The mechanisms responsible for the hypertensive effect of oral contraceptives are poorly understood. The renin-angiotensin system may be involved, since estrogen stimulates the hepatic production of the renin substrate angiotensinogen.27 Both estrogen and progesterone appear to contribute in a dose-dependent fashion. The often-quoted 5% incidence of hypertension associated with estrogen is derived from studies of high-dose therapy in which the estrogen dose was at least 50 mcg and the progestin dose was 1 to 4 mg.24 However, current preparations contain as little as 20% of the amount of estrogen and progestin used in previous preparations. A report from the Nurses' Health Study prospectively evaluated almost 70,000 female nurses, aged 25 to 42 years.28 After adjustment for age, weight, smoking, family history, and other risk factors, the relative risk of hypertension in the nurses compared to women who never used oral contraceptives was 1.8 for current users and 1.2 for previous users. Overall, only 41.5 cases of hypertension per 10,000 person-years could be attributed to oral contraceptive use, and this number rapidly declined with cessation of therapy. In a meta-analysis of 14 studies published between 1980 and 2003, the relative risk of stroke and heart attack increased two-fold in current users of oral contraceptives (<50 mcg of ethinyl estradiol daily).29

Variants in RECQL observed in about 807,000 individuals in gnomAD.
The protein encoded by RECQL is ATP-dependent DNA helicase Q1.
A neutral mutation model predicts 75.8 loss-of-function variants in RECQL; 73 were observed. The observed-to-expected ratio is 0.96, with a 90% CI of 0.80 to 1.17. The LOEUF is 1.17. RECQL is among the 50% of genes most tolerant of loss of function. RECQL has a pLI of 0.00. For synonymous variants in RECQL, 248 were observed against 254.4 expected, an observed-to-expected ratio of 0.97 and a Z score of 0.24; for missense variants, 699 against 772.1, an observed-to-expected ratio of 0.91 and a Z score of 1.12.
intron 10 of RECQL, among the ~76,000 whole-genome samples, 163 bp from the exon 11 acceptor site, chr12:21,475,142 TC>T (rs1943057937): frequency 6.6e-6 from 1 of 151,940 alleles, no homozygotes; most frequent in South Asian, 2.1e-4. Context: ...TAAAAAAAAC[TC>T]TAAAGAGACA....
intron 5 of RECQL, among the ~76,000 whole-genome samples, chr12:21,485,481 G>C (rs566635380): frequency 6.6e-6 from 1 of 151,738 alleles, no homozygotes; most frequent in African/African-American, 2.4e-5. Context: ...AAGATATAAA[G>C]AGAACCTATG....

Postmenopausal estrogen replacement therapy (ERT), or hormone replacement therapy (HRT) when combined with progestin, consists of much lower estrogen doses than those in oral contraceptives. ERT and HRT appear to have a neutral effect on blood pressure as illustrated by the following observations from two large randomized trials. The Women's Health Initiative (WHI) is the largest (N = 16,000) randomized, placebo-controlled trial that has evaluated the effect of estrogen-progestin replacement on outcomes in postmenopausal women.30 At 5.2 years, HRT produced only a small increase (1.5 mmHg) in systolic pressure compared to placebo. Similar findings were noted in the PEPI trial in which ERT, with or without progestins, did not affect blood pressure at three years.31